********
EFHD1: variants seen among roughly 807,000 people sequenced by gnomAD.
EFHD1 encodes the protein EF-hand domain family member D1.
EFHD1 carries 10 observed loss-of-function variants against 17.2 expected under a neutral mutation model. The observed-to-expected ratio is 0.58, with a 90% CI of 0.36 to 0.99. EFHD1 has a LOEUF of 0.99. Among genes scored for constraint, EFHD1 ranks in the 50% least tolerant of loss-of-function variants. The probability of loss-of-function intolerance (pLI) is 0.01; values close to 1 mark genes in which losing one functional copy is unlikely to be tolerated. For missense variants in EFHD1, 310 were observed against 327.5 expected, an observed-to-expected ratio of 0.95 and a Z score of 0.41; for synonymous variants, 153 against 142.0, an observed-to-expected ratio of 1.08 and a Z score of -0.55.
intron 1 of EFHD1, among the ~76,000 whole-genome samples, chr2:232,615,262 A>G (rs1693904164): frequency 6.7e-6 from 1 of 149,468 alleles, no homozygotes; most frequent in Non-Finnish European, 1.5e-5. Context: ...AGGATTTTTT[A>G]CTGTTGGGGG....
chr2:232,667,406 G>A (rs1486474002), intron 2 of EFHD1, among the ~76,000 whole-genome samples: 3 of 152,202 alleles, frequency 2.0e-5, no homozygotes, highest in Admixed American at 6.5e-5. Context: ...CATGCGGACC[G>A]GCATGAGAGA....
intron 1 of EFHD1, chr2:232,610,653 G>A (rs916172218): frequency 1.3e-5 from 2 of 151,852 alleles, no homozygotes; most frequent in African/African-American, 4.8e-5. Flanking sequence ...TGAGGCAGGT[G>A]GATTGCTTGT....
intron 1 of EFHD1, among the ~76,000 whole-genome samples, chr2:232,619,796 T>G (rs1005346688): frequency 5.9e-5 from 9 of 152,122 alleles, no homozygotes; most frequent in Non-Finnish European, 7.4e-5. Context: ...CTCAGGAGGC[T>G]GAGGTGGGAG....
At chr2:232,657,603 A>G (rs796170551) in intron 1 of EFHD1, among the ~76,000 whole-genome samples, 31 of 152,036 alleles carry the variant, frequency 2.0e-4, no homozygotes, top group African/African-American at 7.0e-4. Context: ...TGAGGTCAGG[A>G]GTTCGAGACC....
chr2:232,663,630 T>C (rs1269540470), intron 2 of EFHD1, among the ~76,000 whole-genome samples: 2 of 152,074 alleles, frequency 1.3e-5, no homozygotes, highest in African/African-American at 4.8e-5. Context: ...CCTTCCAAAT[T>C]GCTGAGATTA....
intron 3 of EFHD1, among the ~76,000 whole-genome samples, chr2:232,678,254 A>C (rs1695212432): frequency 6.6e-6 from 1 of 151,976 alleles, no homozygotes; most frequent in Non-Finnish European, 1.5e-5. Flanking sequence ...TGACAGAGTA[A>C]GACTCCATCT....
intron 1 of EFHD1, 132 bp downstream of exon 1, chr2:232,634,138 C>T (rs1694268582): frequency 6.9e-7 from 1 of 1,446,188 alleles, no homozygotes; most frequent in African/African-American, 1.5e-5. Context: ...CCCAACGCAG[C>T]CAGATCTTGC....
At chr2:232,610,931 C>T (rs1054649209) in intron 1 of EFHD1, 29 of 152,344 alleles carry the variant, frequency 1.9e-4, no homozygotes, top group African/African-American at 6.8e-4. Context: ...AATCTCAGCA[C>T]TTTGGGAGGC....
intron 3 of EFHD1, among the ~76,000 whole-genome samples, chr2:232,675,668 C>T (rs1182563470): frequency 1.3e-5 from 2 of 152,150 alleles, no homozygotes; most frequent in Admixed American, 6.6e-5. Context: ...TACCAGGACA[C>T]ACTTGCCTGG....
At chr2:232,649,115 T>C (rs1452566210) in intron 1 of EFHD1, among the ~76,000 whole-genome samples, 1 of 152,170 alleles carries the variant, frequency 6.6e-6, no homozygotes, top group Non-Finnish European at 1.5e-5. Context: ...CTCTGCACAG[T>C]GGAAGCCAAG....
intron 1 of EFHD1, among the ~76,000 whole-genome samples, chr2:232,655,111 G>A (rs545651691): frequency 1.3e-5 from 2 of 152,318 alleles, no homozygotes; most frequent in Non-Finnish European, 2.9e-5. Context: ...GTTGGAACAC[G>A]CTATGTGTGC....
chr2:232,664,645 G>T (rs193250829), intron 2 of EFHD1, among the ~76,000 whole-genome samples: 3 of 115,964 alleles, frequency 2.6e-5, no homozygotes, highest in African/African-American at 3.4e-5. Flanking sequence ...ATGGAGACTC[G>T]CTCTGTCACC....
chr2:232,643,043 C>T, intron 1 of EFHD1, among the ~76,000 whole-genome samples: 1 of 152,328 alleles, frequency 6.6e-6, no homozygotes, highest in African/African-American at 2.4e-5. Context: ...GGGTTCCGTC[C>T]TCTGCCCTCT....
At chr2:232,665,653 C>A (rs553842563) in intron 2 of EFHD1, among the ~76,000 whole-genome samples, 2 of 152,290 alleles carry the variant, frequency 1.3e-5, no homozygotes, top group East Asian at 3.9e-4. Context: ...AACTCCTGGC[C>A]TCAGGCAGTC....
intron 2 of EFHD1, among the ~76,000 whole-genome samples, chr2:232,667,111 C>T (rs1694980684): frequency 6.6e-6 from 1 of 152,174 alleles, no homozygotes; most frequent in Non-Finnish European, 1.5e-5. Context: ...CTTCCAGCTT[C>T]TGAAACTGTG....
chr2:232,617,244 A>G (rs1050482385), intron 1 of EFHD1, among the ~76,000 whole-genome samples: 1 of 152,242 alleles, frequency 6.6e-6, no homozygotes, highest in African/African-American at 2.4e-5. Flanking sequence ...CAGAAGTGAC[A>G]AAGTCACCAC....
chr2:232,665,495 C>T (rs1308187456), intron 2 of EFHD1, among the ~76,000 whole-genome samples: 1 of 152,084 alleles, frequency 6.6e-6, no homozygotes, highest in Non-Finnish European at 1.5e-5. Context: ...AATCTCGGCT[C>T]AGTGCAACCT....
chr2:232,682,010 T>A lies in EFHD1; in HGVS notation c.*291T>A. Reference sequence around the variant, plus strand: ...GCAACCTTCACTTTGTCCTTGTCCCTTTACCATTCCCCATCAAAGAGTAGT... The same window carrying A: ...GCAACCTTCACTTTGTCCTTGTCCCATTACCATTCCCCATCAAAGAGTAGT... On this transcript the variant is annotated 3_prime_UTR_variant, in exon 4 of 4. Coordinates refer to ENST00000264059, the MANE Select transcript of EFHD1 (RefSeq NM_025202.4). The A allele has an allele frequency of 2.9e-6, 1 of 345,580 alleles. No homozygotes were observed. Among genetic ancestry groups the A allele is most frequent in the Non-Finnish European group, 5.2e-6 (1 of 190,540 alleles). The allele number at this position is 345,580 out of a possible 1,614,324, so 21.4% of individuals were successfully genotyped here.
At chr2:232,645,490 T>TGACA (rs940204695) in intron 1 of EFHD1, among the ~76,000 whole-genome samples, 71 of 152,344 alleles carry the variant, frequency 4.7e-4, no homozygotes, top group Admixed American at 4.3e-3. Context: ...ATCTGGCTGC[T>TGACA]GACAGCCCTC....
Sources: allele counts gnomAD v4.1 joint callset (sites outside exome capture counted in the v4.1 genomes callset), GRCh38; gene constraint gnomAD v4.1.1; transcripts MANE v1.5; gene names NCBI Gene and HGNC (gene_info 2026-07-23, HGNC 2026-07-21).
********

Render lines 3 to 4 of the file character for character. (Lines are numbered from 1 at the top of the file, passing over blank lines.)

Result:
EFHD1 carries 10 observed loss-of-function variants against 17.2 expected under a neutral mutation model. The observed-to-expected ratio is 0.58, with a 90% CI of 0.36 to 0.99. EFHD1 has a LOEUF of 0.99. Among genes scored for constraint, EFHD1 ranks in the 50% least tolerant of loss-of-function variants. The probability of loss-of-function intolerance (pLI) is 0.01; values close to 1 mark genes in which losing one functional copy is unlikely to be tolerated. For missense variants in EFHD1, 310 were observed against 327.5 expected, an observed-to-expected ratio of 0.95 and a Z score of 0.41; for synonymous variants, 153 against 142.0, an observed-to-expected ratio of 1.08 and a Z score of -0.55.
intron 1 of EFHD1, among the ~76,000 whole-genome samples, chr2:232,615,262 A>G (rs1693904164): frequency 6.7e-6 from 1 of 149,468 alleles, no homozygotes; most frequent in Non-Finnish European, 1.5e-5. Context: ...AGGATTTTTT[A>G]CTGTTGGGGG....